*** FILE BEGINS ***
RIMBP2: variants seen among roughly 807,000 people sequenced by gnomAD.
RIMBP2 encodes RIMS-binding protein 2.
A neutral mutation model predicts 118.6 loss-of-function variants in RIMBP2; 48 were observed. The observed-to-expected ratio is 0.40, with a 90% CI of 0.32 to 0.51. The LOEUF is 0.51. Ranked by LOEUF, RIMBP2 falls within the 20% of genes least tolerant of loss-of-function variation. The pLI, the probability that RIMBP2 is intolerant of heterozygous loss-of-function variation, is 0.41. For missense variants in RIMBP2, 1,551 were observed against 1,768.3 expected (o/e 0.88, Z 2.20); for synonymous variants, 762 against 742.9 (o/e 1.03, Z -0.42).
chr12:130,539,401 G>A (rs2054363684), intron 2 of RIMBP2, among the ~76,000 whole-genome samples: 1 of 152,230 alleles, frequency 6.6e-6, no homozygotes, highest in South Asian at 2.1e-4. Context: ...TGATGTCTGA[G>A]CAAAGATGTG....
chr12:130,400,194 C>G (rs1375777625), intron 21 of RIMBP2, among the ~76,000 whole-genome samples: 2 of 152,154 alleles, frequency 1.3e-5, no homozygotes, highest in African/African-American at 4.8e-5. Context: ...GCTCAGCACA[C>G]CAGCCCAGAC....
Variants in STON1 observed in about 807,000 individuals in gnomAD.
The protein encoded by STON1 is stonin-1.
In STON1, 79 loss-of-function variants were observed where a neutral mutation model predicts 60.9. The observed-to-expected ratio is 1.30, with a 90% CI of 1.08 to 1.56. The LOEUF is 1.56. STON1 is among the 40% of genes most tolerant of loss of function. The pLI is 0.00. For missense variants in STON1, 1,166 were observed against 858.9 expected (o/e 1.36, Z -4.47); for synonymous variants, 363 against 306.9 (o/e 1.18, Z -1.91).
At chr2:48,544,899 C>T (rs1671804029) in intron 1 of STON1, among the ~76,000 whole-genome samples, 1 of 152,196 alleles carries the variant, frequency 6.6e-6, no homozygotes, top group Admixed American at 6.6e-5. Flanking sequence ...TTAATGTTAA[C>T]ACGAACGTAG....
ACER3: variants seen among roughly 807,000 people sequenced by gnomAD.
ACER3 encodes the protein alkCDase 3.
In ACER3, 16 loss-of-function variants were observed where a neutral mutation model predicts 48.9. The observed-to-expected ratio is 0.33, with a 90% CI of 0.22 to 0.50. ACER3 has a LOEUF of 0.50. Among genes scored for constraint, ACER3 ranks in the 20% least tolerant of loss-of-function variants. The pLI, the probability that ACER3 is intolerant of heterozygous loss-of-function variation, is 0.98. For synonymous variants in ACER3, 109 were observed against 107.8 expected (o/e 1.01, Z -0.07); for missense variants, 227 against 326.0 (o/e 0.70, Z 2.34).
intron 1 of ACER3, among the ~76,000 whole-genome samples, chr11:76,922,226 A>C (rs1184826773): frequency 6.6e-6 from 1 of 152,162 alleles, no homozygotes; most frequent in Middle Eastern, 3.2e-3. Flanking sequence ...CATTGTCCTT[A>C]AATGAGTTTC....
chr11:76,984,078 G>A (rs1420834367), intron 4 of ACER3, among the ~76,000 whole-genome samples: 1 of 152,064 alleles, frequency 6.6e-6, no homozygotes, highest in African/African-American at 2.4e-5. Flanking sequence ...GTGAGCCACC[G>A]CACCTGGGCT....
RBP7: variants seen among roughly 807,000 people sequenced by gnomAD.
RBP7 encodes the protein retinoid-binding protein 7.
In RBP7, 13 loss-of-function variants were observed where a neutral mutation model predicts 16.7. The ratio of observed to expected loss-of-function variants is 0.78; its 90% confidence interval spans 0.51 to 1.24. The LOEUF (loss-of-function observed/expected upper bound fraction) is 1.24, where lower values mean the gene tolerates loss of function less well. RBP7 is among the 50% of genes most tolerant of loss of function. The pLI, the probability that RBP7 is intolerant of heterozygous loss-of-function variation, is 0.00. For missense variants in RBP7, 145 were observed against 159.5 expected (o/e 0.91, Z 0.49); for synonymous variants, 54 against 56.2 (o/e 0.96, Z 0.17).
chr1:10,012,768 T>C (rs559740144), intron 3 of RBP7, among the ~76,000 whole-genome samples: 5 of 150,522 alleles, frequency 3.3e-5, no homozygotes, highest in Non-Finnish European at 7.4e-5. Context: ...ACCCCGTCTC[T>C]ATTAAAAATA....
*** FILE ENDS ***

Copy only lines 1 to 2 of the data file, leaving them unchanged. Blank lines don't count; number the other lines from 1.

RIMBP2: variants seen among roughly 807,000 people sequenced by gnomAD.
RIMBP2 encodes RIMS-binding protein 2.